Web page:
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Reader question: What’s the safest place to keep my valuables in Switzerland?

Helena Bachmann
Helena Bachmann - [email protected]
Reader question: What’s the safest place to keep my valuables in Switzerland?
If you own crown jewels, you'd better keep them in a safe. Image by Alexander Lesnitsky from Pixabay

Whether it’s expensive jewelry or important documents, you may prefer not to keep these valuables under your mattress. Where in Switzerland can you place them for protection?

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If you are not too persnickety about your possessions and don’t really care much whether they are safe in your house, you probably keep them in such open-access places like drawers, cupboards, or in a box under your bed.

And if you have an item that you really, really hope will get stolen or broken — like that ugly vase that someone gifted to you — you may even adapt a devil-may-care attitude and leave it out in the open.

But if own objects that are worth a lot of money or have sentimental  value, or have  important documents you need to safeguard, then the best way to keep them safe is in a…safe.

What you should know about renting a safe deposit box in a bank

In order to access a safe, you must have an account in a bank in which you want to rent this storage space.

Some banks have additional criteria for the renting of safe deposit boxes.

For instance, according to Moneyland consumer platform, banks “may require that you hold a specified minimum balance on the linked account to guarantee payment of rental fees."

The minimum rental period is typically one year, though some banks don’t impose minimum terms.

These rental agreements can be terminated at the end of each calendar year. If notice is not given, the contract is automatically extended for an additional year, according to Moneyland.

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How does the system work?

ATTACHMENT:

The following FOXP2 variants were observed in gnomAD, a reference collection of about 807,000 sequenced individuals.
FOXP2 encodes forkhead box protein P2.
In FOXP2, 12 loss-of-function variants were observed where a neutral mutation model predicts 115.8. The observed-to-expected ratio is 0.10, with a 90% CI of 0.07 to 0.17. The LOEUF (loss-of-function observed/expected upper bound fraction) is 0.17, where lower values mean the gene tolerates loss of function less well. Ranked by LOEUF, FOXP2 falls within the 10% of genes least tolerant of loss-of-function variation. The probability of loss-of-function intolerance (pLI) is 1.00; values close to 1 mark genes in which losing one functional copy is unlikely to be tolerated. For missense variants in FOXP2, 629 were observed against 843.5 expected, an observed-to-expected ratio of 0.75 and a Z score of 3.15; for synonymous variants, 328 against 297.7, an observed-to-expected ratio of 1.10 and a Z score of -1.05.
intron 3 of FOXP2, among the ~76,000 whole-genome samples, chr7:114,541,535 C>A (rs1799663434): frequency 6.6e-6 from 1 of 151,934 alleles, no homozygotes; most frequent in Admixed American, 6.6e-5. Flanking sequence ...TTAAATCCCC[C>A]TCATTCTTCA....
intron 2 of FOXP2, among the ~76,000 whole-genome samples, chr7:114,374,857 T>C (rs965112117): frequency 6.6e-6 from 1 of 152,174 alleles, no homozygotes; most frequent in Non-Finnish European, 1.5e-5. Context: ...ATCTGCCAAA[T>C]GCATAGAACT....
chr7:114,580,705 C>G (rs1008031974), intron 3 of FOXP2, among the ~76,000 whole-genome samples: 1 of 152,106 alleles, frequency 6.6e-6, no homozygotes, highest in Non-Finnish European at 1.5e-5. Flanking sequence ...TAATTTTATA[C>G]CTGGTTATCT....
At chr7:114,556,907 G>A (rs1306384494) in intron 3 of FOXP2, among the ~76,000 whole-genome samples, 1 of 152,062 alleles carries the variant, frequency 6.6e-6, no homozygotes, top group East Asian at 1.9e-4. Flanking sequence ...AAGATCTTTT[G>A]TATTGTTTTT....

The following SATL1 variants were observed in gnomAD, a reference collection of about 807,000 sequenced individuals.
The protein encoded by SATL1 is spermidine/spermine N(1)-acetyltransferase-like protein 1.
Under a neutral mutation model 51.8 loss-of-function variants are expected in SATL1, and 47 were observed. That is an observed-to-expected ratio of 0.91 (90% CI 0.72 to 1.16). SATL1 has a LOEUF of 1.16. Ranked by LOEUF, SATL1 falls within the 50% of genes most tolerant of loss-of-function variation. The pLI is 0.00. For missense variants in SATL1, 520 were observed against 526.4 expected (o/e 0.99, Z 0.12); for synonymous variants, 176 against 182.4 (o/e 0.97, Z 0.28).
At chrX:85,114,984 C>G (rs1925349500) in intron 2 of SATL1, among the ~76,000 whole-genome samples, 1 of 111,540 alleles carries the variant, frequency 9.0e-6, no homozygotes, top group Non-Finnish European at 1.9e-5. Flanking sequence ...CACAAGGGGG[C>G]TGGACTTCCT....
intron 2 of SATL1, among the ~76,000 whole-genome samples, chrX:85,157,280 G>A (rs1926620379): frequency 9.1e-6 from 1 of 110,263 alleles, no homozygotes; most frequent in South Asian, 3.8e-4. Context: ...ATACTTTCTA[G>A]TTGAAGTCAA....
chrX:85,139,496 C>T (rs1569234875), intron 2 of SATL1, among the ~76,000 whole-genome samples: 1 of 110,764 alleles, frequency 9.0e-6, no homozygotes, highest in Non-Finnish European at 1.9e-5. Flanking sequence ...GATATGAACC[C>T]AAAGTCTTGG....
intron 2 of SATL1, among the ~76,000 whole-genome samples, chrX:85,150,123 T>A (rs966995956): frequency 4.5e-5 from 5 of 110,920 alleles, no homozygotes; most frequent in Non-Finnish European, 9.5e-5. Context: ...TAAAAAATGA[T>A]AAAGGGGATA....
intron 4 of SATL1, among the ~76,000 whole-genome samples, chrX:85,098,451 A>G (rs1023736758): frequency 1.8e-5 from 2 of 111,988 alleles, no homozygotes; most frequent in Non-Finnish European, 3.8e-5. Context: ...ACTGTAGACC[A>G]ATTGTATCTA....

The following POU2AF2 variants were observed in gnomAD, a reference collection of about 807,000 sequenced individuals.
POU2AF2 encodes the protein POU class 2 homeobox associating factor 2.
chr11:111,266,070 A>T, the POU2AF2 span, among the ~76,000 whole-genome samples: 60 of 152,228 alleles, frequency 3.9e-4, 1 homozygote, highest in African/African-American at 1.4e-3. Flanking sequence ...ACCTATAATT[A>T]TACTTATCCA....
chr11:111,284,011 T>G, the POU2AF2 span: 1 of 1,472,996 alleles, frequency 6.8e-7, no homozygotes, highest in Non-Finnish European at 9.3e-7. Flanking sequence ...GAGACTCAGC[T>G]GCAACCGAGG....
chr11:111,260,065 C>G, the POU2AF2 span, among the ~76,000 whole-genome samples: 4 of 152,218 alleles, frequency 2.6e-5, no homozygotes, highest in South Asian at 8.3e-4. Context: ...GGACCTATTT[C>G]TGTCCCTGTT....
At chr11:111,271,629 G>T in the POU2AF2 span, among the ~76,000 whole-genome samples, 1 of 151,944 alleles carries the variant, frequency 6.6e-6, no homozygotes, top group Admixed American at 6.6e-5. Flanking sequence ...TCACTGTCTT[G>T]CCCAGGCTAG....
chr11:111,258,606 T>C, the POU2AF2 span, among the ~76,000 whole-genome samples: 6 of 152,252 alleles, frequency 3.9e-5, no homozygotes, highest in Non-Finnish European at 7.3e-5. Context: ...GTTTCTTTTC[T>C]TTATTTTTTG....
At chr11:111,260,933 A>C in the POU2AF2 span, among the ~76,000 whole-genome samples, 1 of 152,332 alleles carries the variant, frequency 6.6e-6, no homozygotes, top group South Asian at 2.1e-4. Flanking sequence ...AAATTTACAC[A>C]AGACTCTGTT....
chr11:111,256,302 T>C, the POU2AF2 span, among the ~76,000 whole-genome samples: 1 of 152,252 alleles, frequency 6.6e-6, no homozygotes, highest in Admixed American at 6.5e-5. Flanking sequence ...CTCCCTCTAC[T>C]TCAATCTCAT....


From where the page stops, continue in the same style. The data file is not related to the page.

Safe deposit boxes normally have double locks. The key to one of the locks is held by the bank and the other remains in your possession.

While kept separately, they are interconnected. So if you lose your key, the entire lock would have to be replaced, incurring costs that could reach 1,000 francs.

Also, safes come in different sizes, which you can choose based on the volume of the items you need to keep there.

Their size is measured in litres — with the smallest one having the capacity of 10 litres, and the largest 20,000 litres — not quite enough to keep an elephant, but almost.

As for the cost, logically the smaller boxes are cheaper than the larger ones, though prices depend on the bank and the branch.

Just as a general indication, Moneyland cites between 60 and 200 francs per year for the smallest size, and as much as 10,000 francs for the largest.

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What are the advantages of a bank safe deposit box?

Aside from its primary purpose — that is, to keep your possessions safe — it also offers what many Swiss banks no longer guarantee for foreign clients: privacy and confidentiality.

READ ALSO: What you should know about Switzerland's banking secrecy

While details of your financial accounts can, and are, revealed to fiscal authorities in your home country, the contents of your safe are not.

The bank can’t unilaterally open your safe to inspect what it contains, and would do so only by court order.

Nevertheless, you are not allowed to store certain items, such as weapons and dangerous chemical or biological substances.

What about undeclared cash?

Many people stash money in their safes.

These assets should, of course, be declared, though realistically speaking, many people have been known to hide their money from tax authorities in a safe deposit box.

If this is your case, know that this is illegal — though, as mentioned above, unless a court order is in place, chances are nobody, except your conscience, will know.

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